Aside destruction of houses, infrastructure and the roads, farmers were seriously affected in Ngask council. According to the council chairman, Abdullahi Buhari, the council, touted as the major producer of rice in the state, has been badly affected. Though he couldn’t quantify the losses incurred, he said most of the farms were submerged, as five IDPs camps have been set up. He said though no lives lost, but many people were injured and houses destroyed.

In Birnin Kebbi council area, Abubakar Maidana Birnin Kebbi, a farmer in Duku, said: “I planted rice and millet on more than five hectares. I was around the day the water reached my farm. I was able to quickly harvest some millet, but everything else, including the rice were destroyed. 


 


“All my colleagues were also affected. I can’t quantify the loss I have suffered. I’ve been a farmer all my life. About 10 years ago, we experienced something close to this. It is a painful experience for my family and I. We pray that God will give us succour.”


 


Council Chairman of Kalgo, Mohammad Shamsudeen Kalgo, disclosed that all the villages within the council lost more than 200 houses. “We call this area Shia Danfili and the other side is Shia Antunula where we lost more than 150 houses. Some of the victims are staying with their relatives. Yesterday (Thursday, September 10), we had a meeting with stakeholders and traditional rulers. More than 100 persons are homeless. Some are seeking shelter with their relatives.


 


“We thank God that there was no loss of life, but there is God. All of these places have been destroyed by water. It is the first time that we are having destruction on this scale. For more than 100 years, nobody can say they’ve seen any flooding like this in Kalgo, this is the first time that we’re seeing all of this.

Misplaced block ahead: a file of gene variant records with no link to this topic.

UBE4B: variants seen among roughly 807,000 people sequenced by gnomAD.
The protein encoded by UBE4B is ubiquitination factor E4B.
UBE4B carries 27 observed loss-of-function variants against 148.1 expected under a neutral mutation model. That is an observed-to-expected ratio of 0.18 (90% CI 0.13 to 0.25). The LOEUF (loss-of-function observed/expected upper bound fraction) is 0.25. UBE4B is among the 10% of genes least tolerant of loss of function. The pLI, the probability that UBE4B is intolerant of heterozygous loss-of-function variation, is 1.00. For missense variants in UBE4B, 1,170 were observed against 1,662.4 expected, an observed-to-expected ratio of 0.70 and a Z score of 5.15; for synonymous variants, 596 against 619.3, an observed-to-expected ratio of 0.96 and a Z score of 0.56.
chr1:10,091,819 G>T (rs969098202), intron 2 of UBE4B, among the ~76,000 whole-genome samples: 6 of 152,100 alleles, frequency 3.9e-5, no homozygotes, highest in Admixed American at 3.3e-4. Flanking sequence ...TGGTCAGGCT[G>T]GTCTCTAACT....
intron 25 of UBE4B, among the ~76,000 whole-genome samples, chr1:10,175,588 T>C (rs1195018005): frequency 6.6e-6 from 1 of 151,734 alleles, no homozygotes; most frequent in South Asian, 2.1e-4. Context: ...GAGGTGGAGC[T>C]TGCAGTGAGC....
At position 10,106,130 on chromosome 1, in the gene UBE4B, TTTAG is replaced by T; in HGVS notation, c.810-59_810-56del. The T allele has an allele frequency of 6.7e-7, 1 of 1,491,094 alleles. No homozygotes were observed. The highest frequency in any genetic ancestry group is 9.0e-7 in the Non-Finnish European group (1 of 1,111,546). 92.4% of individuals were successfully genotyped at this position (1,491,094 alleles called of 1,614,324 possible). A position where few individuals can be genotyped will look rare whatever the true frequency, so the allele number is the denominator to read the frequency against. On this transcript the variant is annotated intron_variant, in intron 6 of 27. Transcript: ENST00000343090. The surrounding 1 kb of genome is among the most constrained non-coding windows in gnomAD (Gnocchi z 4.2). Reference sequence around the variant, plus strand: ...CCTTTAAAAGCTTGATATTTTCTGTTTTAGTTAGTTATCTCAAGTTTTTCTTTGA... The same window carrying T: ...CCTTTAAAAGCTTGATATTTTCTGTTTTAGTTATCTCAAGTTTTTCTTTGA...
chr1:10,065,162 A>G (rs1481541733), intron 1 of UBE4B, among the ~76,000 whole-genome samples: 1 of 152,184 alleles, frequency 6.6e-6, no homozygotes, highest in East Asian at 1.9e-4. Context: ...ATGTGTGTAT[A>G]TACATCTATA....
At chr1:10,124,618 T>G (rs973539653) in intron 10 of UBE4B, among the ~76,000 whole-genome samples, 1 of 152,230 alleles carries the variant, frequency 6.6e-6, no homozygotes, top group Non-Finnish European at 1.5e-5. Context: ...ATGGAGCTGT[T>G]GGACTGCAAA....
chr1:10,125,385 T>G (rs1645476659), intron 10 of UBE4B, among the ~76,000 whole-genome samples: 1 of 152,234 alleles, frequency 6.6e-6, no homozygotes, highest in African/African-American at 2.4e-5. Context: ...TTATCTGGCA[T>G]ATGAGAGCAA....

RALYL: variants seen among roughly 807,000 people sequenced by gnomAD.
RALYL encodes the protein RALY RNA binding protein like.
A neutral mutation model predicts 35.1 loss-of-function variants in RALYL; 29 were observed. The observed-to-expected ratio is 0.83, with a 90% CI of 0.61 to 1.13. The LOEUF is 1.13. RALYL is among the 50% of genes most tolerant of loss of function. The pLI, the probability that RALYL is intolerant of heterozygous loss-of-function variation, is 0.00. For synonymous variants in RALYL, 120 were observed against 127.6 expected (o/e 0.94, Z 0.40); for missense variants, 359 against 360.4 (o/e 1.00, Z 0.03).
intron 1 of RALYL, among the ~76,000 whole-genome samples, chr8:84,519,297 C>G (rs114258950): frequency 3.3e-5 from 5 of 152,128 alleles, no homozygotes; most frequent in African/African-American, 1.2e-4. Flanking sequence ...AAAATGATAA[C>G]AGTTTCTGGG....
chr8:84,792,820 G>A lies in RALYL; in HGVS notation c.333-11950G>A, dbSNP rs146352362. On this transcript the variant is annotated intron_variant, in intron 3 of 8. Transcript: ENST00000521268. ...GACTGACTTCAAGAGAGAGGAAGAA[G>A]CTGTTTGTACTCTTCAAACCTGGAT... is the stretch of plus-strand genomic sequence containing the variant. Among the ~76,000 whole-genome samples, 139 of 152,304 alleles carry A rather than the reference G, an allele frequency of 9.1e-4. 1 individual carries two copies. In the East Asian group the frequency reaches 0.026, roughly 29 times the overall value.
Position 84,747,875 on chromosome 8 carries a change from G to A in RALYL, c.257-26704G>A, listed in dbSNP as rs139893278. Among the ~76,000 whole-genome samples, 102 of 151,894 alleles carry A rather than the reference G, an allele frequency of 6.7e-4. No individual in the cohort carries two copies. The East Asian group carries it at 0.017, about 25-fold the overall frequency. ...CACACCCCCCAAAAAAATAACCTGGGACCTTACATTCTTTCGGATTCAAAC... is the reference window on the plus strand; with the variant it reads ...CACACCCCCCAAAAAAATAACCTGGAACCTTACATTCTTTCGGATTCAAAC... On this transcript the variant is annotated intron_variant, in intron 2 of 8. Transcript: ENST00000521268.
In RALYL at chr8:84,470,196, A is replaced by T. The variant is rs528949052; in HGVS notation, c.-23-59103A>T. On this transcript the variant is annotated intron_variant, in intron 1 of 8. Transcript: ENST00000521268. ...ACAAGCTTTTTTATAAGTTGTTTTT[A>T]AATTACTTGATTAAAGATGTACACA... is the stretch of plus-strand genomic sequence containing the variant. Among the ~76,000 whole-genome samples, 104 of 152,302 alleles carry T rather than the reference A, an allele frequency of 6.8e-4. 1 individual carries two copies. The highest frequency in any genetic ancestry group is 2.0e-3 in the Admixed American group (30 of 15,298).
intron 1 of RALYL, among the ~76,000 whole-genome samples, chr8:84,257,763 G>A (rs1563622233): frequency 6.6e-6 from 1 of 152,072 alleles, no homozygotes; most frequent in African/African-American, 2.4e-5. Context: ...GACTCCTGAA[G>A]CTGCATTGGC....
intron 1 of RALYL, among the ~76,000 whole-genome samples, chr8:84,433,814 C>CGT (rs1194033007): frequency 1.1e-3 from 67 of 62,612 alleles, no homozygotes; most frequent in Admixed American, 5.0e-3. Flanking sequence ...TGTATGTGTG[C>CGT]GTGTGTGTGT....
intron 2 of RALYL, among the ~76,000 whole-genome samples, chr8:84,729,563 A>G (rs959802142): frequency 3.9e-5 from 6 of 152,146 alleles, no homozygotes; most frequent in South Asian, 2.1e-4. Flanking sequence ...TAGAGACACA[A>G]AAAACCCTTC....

“This is not the only place that was affected. There is a village, Hirinshi; it is under Badaria Maganza ward. We lost more than 100 houses there. There is a place we call Badaria. We have two Badaria in Kebbi. This is Badaria Kalgo, it is a ward. We lost houses there. Even the Imam of Badaria is taking shelter at a primary school. Both the Imam and the District Head are in Model Primary School in Badary taking refuge.”

 


It was the same sad story in Bunzo council area. The village Head of Raha, Haruna Mohammed said: “ I am a farmer, before the floods came, I planted rice, millet and guinea corn. Everything is under water. All of our farms, our crops in the village have been destroyed by water. We don’t know what to do. We are seeking help from the government or anyone else that can help.”


 


In Jega council area, the Secretary of RIFAN in the area, Major Muawuya Aliyu (Retd), said the incident happened just about when they were about to start harvesting. “In fact, if the floods had delayed for just two weeks, a majority of the farmers would have harvested their crops. The water came suddenly. We were aware there was going to be flooding, but we never thought it was going to be this extensive.